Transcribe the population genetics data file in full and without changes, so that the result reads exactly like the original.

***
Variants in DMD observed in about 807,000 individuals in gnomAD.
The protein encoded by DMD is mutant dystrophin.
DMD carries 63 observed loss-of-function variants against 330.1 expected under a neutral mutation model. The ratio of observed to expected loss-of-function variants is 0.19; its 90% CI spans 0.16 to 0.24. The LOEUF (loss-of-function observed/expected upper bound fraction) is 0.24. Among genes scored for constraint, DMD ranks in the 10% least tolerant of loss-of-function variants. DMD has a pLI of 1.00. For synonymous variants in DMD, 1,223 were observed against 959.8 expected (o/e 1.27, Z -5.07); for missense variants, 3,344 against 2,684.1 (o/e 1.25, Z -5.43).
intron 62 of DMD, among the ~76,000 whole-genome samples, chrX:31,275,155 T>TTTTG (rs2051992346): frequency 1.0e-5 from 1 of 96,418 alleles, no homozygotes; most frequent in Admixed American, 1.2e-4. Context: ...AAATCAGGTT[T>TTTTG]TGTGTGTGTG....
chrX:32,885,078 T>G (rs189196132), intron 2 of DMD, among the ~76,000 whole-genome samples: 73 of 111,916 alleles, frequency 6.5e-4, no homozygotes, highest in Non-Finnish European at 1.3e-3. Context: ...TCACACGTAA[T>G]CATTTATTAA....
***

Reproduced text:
Variants in DMD observed in about 807,000 individuals in gnomAD.
The protein encoded by DMD is mutant dystrophin.
DMD carries 63 observed loss-of-function variants against 330.1 expected under a neutral mutation model. The ratio of observed to expected loss-of-function variants is 0.19; its 90% CI spans 0.16 to 0.24. The LOEUF (loss-of-function observed/expected upper bound fraction) is 0.24. Among genes scored for constraint, DMD ranks in the 10% least tolerant of loss-of-function variants. DMD has a pLI of 1.00. For synonymous variants in DMD, 1,223 were observed against 959.8 expected (o/e 1.27, Z -5.07); for missense variants, 3,344 against 2,684.1 (o/e 1.25, Z -5.43).
intron 62 of DMD, among the ~76,000 whole-genome samples, chrX:31,275,155 T>TTTTG (rs2051992346): frequency 1.0e-5 from 1 of 96,418 alleles, no homozygotes; most frequent in Admixed American, 1.2e-4. Context: ...AAATCAGGTT[T>TTTTG]TGTGTGTGTG....
chrX:32,885,078 T>G (rs189196132), intron 2 of DMD, among the ~76,000 whole-genome samples: 73 of 111,916 alleles, frequency 6.5e-4, no homozygotes, highest in Non-Finnish European at 1.3e-3. Context: ...TCACACGTAA[T>G]CATTTATTAA....